Figure 333: Gmail, On a Motorola XOOM, Showing Conversations and Messages
Yet all of that was done with one app with very little redundant logic, by means of fragments.
The list-of-labels, list-of-conversations, and list-of-messages bits of the UI were implemented as fragments. On a smaller screen (e.g., a phone), each one is displayed by an individual activity. Yet, on a larger screen (e.g., a tablet), more than one fragment is displayed by a single activity. In fact — though it will not be apparent from the static screenshots — on the 10” tablet, the activity showed all three fragments, using animated effects to slide the list of labels off-screen and the list of conversations over to the left slot when the user taps on a conversation to show the messages.
The vision, therefore, is to organize your UI into fragments, then choose which fragments to show in which circumstances based on available screen space:
Figure 334: Tablets vs. Handsets (image courtesy of Android Open Source Project)
One solution is to say that you have the same fragments for all devices and all configurations, but that the sizing and positioning of those fragments varies. This is accomplished by using different layouts for the activity, ones that provide the sizing and positioning rules for the fragments.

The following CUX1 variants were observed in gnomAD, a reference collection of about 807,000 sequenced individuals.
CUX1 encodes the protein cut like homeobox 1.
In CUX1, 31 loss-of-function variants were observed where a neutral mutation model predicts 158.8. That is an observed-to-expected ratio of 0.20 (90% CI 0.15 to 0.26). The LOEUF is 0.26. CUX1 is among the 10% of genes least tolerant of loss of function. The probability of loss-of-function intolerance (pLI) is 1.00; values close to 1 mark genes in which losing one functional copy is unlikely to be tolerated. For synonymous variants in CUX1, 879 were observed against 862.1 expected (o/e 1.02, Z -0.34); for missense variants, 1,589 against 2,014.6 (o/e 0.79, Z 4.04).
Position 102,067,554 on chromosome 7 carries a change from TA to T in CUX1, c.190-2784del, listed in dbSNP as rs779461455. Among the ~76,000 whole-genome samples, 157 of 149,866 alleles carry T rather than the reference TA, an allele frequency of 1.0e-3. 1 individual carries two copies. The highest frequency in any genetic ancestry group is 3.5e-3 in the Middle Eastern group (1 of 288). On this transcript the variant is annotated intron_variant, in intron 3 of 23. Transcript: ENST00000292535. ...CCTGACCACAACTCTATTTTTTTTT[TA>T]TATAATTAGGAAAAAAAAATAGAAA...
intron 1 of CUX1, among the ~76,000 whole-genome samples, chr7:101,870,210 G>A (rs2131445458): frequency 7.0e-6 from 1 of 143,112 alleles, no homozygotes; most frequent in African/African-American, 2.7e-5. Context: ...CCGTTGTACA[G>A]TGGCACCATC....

So far, most of our fragment examples have been focused on activities with a single fragment, like you might use on smaller screens (e.g., phones). However, activities can most certainly have more than one fragment, though you will need to provide the “slots” into which to plug those fragments.
For example, you could have the following in
<?xml version="1.0" encoding="utf-8"?> <LinearLayout xmlns:android="http://schemas.android.com/apk/res/android" android:orientation="horizontal" android:layout_width="match_parent" android:layout_height="match_parent"> <FrameLayout android:id="@+id/countries" android:layout_weight="30" android:layout_width="0px" android:layout_height="match_parent" /> <FrameLayout android:id="@+id/details" android:layout_weight="70" android:layout_width="0px" android:layout_height="match_parent" /> </LinearLayout>
Here we have a horizontal
LinearLayout holding a pair of
Each of those
FrameLayout containers will be a slot to load in a fragment, using
getSupportFragmentManager().beginTransaction() .add(R.id.countries, someFragmentHere) .commit();
In principle, you could also have a
res/layout-h720dp/main.xml that holds both
of the same
FrameLayout containers, but just in a
<?xml version="1.0" encoding="utf-8"?> <LinearLayout xmlns:android="http://schemas.android.com/apk/res/android" android:orientation="vertical" android:layout_width="match_parent" android:layout_height="match_parent"> <FrameLayout android:id="@+id/countries" android:layout_weight="30" android:layout_height="0dp" android:layout_width="match_parent" /> <FrameLayout android:id="@+id/details" android:layout_weight="70" android:layout_height="0dp" android:layout_width="match_parent" /> </LinearLayout>
As the user rotates the device, the fragments will go in their appropriate slots.